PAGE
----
This suggestion, although perfectly valid for women who seek temporary birth control, was simply not right for Christa. During her first three months on any form of birth control pills, she experienced severe side effects from headaches to hair loss. When she explained these to her first doctor, she suggested a non-hormonal IUD. Until that time, Christa had never experienced cramps with her monthly cycle. Once she had the IUD, her cramps became worse, and her cycle lasted 18 days.
Christa then switched to a hormonal IUD and began having headaches, back aches, and extreme cramps. She experienced weight gain and emotional turmoil. For years, she struggled with each temporary solution offered to her in place of the permanent one she desired. Then, she moved across the country.
When she met with her doctor in California, at age 26, she inquired about a permanent procedure once more. This time, after acknowledging that Christa was young, she followed it up with the truth that rises above a woman’s age or marital status: Christa owns her own body. She should be able to make decisions like this one for herself.
They agreed to a procedure called Tubal Ligation. This can mean different things for different people, but for Christa it meant that her fallopian tubes were removed. She met with the doctor and surgeon thirty days prior to the surgery for an evaluation that made sure she understood what the procedure meant and that she was not forced. By law, her doctor had to go through every single form of birth control verbally as an option. Once Christa refused all of them, they could schedule her surgery.
“All of the changes that I’ve experienced are positive. My monthly cycle is back to normal. I am happier, not moody and crying all the time. My hair isn’t falling out, and I don’t have any weird body changes. I’ve lost weight. It’s all positive for me,” she explains. “I have no scars. They walked me right through it. I have no pain or soreness.”
Christa does say that some women could have scars, and it is important to remember that, like birth control pills or IUDs, side effects can be different for everyone. People who are interested in this procedure should have full discussions with their doctors about options and potential side effects to make the best decision. Of course, based on your age, you may be having that discussion with more than one doctor. Above all, be the best health advocate you can for yourself. It never hurts to get opinions from a few different medical professionals to weigh your options.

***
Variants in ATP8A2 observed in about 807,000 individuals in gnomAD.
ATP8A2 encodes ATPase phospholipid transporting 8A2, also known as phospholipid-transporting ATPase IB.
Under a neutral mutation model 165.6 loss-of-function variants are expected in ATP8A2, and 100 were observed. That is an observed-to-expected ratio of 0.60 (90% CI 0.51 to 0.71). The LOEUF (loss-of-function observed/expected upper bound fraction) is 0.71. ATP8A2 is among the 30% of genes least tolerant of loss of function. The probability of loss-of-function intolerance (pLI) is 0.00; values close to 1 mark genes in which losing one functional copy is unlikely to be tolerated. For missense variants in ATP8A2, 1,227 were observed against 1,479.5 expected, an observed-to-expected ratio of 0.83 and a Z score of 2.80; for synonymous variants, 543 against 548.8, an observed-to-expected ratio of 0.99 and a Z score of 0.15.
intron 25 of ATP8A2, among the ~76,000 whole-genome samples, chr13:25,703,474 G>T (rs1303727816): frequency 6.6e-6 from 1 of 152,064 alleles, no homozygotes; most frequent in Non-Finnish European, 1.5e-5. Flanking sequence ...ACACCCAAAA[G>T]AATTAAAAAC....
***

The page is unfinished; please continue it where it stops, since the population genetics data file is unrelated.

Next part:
You may also want to look at your insurance coverage before scheduling a permanent birth control procedure.
“When I selected my insurance plan with my employer, I noticed that most of them covered sterilization. It was interesting to me to see that they also believed an individual owns their own body, and they wanted to give options for coverage based on that. The surgery was very expensive, but my insurance covered all of it except my copay since I was in the hospital,” Christa says.
Since her procedure, Christa has received both criticism and congratulations. From her critics, Christa is often told the same things her original doctors said almost ten years ago. She is young. She may regret this one day.
Some even revert to talking about how much they love their own children, which is an odd argument to hear from someone else in the context of Christa’s body.
“Of course they love their own children,” she says. “I’m not telling them they shouldn’t, or that I won’t love the children I adopt one day.”
Because, when it all comes down to it, the public outcry that goes into whether a woman can choose permanent birth control seems to far surpass the energy that goes into helping children in foster care or in need of adoption. Christa, who has volunteered through various organizations to help these children, has seen this problem first hand.
“I work with various age groups, and it has made me feel close to them. I don’t have to go through the challenge of birth, that could be detrimental to my health and the health of a baby,” she explains. “At the end of the day, there are children out there already who need love, and I can provide that for them without going through childbirth.”

Written by Hayleigh Worgan

Tackle Reading

We believe that one of the most important things you can foster in your child’s life is a love for reading. It serves as the foundation for developing skills that will serve them in every facet of life. Recently, we were ecstatic to learn that Kathryn Starke, author and native of Richmond, Virginia, is helping parents and educators everywhere achieve that goal.

Starke has experience teaching multiple grades in elementary schools, and served as a literary specialist for over a decade in Richmond and Chesterfield’s public school systems. Her multicultural children’s book, Amy’s Travels, is used in schools in over twenty countries.

Tackle Reading COVER 6x9.inddTackle Reading, her most recent book, combines her expertise with advice from valuable community mentors and resources including NFL players, celebrities, and authors to inspire children, parents, and fellow educators. It includes lesson plans, activities, and guidance to improve literacy for all children.

The impact of this book is just beginning. Thousands of copies of Tackle Reading were donated to inner city elementary schools nationwide thanks to charitable giving and sponsorship. Regardless of your role in a child’s life, it can be a great tool to nurture their love for reading. To purchase your copy and learn more about Starke, visit www.creativemindspublications.com.

The regional magazine for women